The video begins with a series of statements laid over some pool water: "Curves are the new high fashion," "Chubby is the new sexy," "We Out Here." Tripp posits that these queens deserve an anthem, which they do. What they do not deserve is this Cursed Song. As he lists all the names he knows to call them by (thick, thicc, and BBW), one model (who I really, really hope was paid well) squirts some lotion down her cleavage, and Tripp begins dancing.

"My girl chubby sexy/ Call her bonita gordita," Tripp states in his chorus, before going on to compare "big booty meat" to the peach emoji. Another thing he mentions is that his wife can't find a belt that fits her waist, and that's why he calls her James and the Giant Peach. He then tries to dab. Here are some of the other Cursed highlights from his, uh, verses:

Got those Khaleesi curves/ Knows how to dragon slay
She like a dude that's woke/ We like a girl that's weighty
Some say a chubby girl that's risky/ But they ain't met a curvy girl that's frisky
Imma dunk that donk like I'm Andrew Wiggins.
Thick like an Amazon/ Built like Big Ben.

Tripp says one thing in the video that I couldn't agree more with: "She don't need a man." No, she does not. Please run. If you must, watch the entire video, below. Or send it to your nemesis!

Robbie Tripp - Chubby Sexy (Official Music Video)

Photo by Emma McIntyre / Getty Images.

See the promo here

It was bound to happen. The Kadashians and Jenners have committed themselves to letting the cameras roll on their lives, for better or for worse. So if you thought that the Jordyn Woods and Tristan Thompson cheating scandal was off limits, you thought wrong. The trailer for Sunday's episode of Keeping Up with the Kardashians was just released, and it involves the famous family working through the fallout of what happened when Woods went to a party at Thompson's house.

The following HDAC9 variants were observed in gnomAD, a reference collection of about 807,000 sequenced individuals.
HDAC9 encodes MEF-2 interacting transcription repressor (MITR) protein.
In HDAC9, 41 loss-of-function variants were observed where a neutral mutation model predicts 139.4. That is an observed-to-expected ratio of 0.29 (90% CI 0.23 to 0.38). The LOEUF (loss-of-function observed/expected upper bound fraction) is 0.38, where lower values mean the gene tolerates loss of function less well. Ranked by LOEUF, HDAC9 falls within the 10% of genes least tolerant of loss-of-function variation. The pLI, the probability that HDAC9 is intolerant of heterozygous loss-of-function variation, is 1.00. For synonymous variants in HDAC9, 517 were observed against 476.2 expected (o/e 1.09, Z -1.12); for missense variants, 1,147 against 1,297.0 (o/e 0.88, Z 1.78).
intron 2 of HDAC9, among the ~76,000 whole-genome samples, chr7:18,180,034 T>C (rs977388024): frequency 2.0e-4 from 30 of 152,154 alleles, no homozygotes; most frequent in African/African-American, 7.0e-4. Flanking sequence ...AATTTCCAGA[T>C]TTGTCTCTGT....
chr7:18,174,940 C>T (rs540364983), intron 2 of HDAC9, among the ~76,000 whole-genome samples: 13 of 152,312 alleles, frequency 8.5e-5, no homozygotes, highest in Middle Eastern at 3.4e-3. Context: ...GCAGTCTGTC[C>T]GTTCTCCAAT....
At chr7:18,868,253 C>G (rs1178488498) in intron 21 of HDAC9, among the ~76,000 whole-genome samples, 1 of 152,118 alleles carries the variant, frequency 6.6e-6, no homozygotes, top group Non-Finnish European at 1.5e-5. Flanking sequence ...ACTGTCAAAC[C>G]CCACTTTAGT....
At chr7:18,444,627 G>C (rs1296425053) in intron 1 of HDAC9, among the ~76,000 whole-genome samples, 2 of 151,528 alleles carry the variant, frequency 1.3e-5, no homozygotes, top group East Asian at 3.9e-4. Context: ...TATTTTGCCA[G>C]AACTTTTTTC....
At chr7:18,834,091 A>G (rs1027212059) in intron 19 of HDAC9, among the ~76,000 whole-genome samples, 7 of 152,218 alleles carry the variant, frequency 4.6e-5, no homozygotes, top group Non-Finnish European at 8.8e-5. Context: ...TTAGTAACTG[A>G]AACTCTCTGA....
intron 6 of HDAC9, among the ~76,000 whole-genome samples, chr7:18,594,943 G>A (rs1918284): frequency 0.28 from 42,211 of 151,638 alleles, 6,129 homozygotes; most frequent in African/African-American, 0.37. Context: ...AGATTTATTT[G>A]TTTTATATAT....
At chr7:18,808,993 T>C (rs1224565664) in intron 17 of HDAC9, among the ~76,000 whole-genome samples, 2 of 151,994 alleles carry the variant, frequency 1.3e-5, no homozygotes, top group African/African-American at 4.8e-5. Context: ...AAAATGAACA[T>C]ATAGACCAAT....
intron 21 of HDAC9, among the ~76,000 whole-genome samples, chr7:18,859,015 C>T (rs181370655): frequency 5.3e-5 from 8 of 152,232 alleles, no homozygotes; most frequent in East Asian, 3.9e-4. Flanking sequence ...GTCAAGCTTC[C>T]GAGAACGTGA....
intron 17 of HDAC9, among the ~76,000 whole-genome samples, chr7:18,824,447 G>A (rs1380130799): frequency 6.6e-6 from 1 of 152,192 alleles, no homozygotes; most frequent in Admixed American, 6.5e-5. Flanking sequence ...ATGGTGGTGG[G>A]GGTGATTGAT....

The teaser includes the infamous clip of Khloé Kardashian screaming "LIAAAARRRRRR." It's still not explicitly clear who prompted that strong response. She could be responding to Thompson, who clearly isn't always honest. Or she could be reacting to Woods account of the events on Red Table Talk. But the most revealing moment comes when we see Kylie Jenner—who was Woods' best friend before all of this happened—react for the first time.

In a heart-to-heart conversation, momager Kris Jenner says, "For you and Jordyn, it's like a divorce." Kylie only offers this in response: "She fucked up." Based on Woods' version of events—which I'm inclined to believeThompson is the one who fucked up. Still, I'm hoping for some kind of reconciliation between the two longtime friends. Perhaps we'll have to wait until next season for that.

Check out the promo video below.